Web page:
L+T: Aside from DJing, you’re also a publicist for G-Star RAW. How have you been able to have your two worlds coincide?
DKC: I feel like they go hand in hand anyway. Music definitely influences fashion and vice versa. I usually premiere my tapes on a fashion platform. The first was with Vogue and the second was with Elle. It’s basically me using me and my network as a platform for my collaborators, who may not have normally been featured on Elle or Vogue. Being on this tape gives them an entirely different audience to present their music to. That’s really important to me.
L+T: You seem to love both, but do you see yourself ever choosing one career over the other?
DKC: I feel like we’re all on a journey and there’s always going to be forks in the road and decisions to be made. Life is about choices and growth and what is meant to be will be.
L+T: Do you see yourself ever working as closely with an artist as you have with Kilo Kish?
DKC: I’ve never really thought about it in that way, because Kish is like one of my closest friends. Our synergy and chemistry is amazing. We don’t argue. I know when she needs space and vice versa or like when she needs someone to be her hype man or just be there for her.
L+T: Has there been a moment where you were like “Wow. I really do this. I’m really a DJ!”?
DKC: There were a few of those moments. I was on tour with Kish and we did a show with SBTRK that was like underneath a bridge. It was insane. After the show Kish had gone back to the room, but I stayed out. That was the night when I said I needed to be great at this DJing thing, so that I could keep doing shit like what I experienced that night. I had the time of my life that night. At that point, I realized that I wanted to really do this. There were other moments also, like when I DJed a Fashion Week event for Solange. Beyoncé had walked in right when I went on. I had about fifty or a million thoughts in my mind within like five seconds. I was wondering if I should play a Beyoncé song or something [laughs]. I didn’t know what to do, so I just started playing. I had my drink, which I probably finished in one sip. I then looked to my left and Beyoncé was just getting down and having the time of her life. I was so hyped, like “Oh my god, B is getting down to my set!” I know the decision to DJ was random, but moments like these have me believing that maybe it was really meant to be.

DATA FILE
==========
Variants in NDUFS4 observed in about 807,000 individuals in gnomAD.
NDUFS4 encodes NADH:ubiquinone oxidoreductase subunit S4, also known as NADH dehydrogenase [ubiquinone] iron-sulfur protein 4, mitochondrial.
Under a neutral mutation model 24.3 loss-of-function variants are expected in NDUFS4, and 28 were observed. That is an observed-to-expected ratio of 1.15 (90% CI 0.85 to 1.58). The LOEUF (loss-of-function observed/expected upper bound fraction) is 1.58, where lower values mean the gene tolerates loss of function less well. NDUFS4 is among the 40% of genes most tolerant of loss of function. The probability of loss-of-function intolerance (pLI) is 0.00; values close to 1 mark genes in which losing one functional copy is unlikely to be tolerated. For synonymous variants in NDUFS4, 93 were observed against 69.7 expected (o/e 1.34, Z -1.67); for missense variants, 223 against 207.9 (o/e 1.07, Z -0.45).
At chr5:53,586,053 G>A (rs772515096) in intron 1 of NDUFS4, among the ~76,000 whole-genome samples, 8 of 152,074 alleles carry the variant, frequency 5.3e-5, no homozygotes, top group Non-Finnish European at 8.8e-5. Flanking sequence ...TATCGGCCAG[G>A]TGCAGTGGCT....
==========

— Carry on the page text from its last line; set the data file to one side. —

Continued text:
L+T: What’s next for Kitty Cash?
DKC: At some point as a DJ you have to figure out if you want to do this forever or if you want to grow and do something else. I feel like my next step is definitely production, because I really enjoy collaborative projects. When you produce you can work with new people and build on these ideas, so that’s kind of what I want to do next.